The song “Diamonds Are a Girl’s Best Friend” is famous from the Broadway Musical “Gentlemen Prefer Blondes” (1949), written by Jule Styne and Leo Rubin.

And so it remains today, although diamond gemstone popularity waxes and wanes and is now waning.

Diamonds are extremely hard, beautiful when properly cut to reflect clear radiance, rare and usually valuable.

The common perception is that a diamond is formed from coal (previous plant and animal matter) compressed under extreme heat and pressure, but that probably is wrong. Diamonds were typically formed long before plants or animals occupied earth, and many are too deep, usually more than 100 miles below the earth’s surface, thrown upward by volcanoes. But occasionally some are formed near the earth’s surface by meteor crashes.

Diamonds are carbon complexes arranged in cubes and often clear, but they can be colored brown, yellow, red, blue, green, pink, orange or purple. Synthetic diamonds are made from coal or its gas and imitation diamonds can be created from zirconia or silicon carbide. So truly, natural diamonds are God’s gift to mankind, in place long before man, plants or animals.

Ancient rabbis seemed to know the history and for centuries the diamond trade and manufacture has typically been an Israeli/Jewish business approved by the rabbis; in addition, diamonds are valuable, durable and easily portable, all features important to Jews since the Roman Diaspora.

But the earliest diamonds were found in India and were an Indian business. Diamonds were first found along northern Indian water ways in about 600 BC, and by 400 BC diamond cutting (“manufacturing”) was a thriving Indian business driven by the money of the ruling classes and their love for diamonds and rubies (often very big ones). Eventually, along the Silk Road during the Middle Ages and Renascence, Indian gemstones found their way to China and Europe and thus wider markets, but Surat, India, remains today an important diamond center.

By the Middle Ages Jewish merchants in Venice, Italy, moved into the business, exporting directly to their factories from India; and have been involved ever since, though now the Jewish diamond merchants are concentrated in Antwerp (now the world’s rough-diamond manufacturing capital), Amsterdam, London, Tel Aviv, and New York City (now the world’s diamond sales capital).

Diamonds were, of course, eventually found and mined outside India with rich deposits discovered in Malaysia, Brazil, Africa, particularly South Africa, Congo and Botswana, Canada and Russia. Today, approximately 26 tons (130 million carats; the carat is 200 milligrams) of diamonds are mined each year. Only a few are gemstone quality; most are industrial diamonds used in cutting, grinding, drilling and polishing. Mass numbers of diamonds are also crushed for industrial grinding and polishing.

Most of us think of Africa and the De Beers company when we think of diamonds. De Beers marketing continues to be effective today (think the slogan “Diamonds are Forever”), although it now works off of stockpiles or diamonds that it purchases from Russia and Canada. It no longer is active in the mining business. However, at one time DeBeers controlled 90% of the world’s diamond mining.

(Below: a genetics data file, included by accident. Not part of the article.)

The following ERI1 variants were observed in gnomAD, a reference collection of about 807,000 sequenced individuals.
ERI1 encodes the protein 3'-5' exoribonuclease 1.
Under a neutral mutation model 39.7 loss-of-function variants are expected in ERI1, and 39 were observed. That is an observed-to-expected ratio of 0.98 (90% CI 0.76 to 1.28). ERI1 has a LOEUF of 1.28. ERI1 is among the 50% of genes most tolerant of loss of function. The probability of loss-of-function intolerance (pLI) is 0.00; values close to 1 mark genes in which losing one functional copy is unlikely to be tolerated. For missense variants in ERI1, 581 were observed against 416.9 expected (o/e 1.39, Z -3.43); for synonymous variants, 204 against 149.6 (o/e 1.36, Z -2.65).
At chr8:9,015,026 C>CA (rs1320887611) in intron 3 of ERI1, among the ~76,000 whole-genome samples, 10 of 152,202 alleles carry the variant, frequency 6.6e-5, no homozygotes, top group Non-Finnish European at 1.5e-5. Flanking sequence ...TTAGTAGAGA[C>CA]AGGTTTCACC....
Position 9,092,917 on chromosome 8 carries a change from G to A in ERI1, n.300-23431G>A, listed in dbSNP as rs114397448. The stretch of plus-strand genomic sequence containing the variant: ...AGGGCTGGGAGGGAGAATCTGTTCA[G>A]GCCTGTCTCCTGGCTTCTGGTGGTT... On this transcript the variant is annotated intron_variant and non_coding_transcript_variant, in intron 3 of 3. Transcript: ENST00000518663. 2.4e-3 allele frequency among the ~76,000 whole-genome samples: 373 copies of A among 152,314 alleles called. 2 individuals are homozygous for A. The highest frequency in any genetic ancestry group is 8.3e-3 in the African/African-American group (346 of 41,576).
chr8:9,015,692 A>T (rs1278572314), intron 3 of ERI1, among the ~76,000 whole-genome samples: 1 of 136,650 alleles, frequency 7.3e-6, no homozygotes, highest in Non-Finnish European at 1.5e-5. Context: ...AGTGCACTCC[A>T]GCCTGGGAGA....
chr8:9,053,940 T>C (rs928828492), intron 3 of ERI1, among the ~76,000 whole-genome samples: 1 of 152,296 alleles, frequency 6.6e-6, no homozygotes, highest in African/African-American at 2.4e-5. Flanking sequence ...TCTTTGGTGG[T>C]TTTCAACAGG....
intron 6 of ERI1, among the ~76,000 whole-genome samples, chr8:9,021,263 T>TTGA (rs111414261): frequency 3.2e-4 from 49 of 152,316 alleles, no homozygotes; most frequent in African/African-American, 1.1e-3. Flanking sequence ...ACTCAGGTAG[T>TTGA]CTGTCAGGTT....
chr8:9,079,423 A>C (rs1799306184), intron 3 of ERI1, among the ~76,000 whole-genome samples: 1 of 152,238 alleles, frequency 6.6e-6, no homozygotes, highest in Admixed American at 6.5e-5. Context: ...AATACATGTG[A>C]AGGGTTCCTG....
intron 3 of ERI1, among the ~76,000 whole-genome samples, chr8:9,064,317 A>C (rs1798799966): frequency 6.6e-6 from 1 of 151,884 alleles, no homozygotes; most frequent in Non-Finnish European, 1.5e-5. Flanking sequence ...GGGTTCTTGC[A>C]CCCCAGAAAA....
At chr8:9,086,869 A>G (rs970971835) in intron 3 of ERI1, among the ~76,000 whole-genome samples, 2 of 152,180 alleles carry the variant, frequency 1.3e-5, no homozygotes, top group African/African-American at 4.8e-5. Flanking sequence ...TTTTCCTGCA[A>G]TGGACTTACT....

There is no doubt diamonds are beautiful when properly cut and polished. The mathematics of diamond cutting was worked out in 1919 by Marcel Tolkowsky, to maximize radiance when viewed from above. Rough diamonds can be quite dull; the four Cs of cut gemstone diamond grading remain in widespread use: Carat weight, Cut, Color and Clarity.

Although Indian gemstones remain movie favorites, several diamonds outside India are also famous. To Americans, the Hope Diamond reigns supreme. It, too, is originally from India, mined in about 1650 and brought to France by Jean-Baptiste Tavernier as a beautiful blue diamond he called the Tavernier Blue, weighing approximately 115 carats and sold to King Louis XIV. King Louis later had it cut to roughly 67 carats, renaming it the French Blue (the Blue Diamond of the Crown of France). King Louis XV had the diamond reset into an elaborate diamond piece with multiple colors.

It was stolen during the French Revolution and finally resurfaced in England in 1812, now reduced to about 45 carats. Eventually it was sold by the Royal British family to wealthy banker Thomas Hope, and so its new name. The diamond remained in the Hope family until 1902, when, with divorce and bankruptcy, it was sold to to Adolph Weil, who in turn sold it to Simon Frankel of New York. But under financial duress, Frankel sold the diamond in 1908 to a Turkish collector, who when also facing financial trouble sold it in turn to Simon Rosenau, back to Paris. In 1910, it was sold to the famous jeweler Pierre Cartier of Paris. It was then sold in 1911 back to the United States to the McLeans of Washington, D.C. (heirs of the Washington Post and mining interests). The diamond was sold to another famous jeweler in 1947, Harry Winston, who in turn donated it in 1958 to the Smithsonian Institute’s National Museum of Naturall History, where it is now housed in a special exhibit with a setting designed by Winston Jewelers.

There are a number of diamond merchants in Florence, including but not limited to Gallowa y and Mosely, Kay, Sarmiento, Fisher, Reeds and Venables. Remember, despite what our culture says, people still love and cannot resist a gorgeous and radiant diamond. Buy yours today. Invest in your future and add love to your life.

Dr. Stephen Imbeau and his wife, Shirley, have been in Florence for more than 30 years and raised their three children here. He and Dr. Joseph Moyer started the Allergy Center about 21 years ago, and it is now one of the largest in South Carolina. Contact him at citizencolumnist@florencenews.com.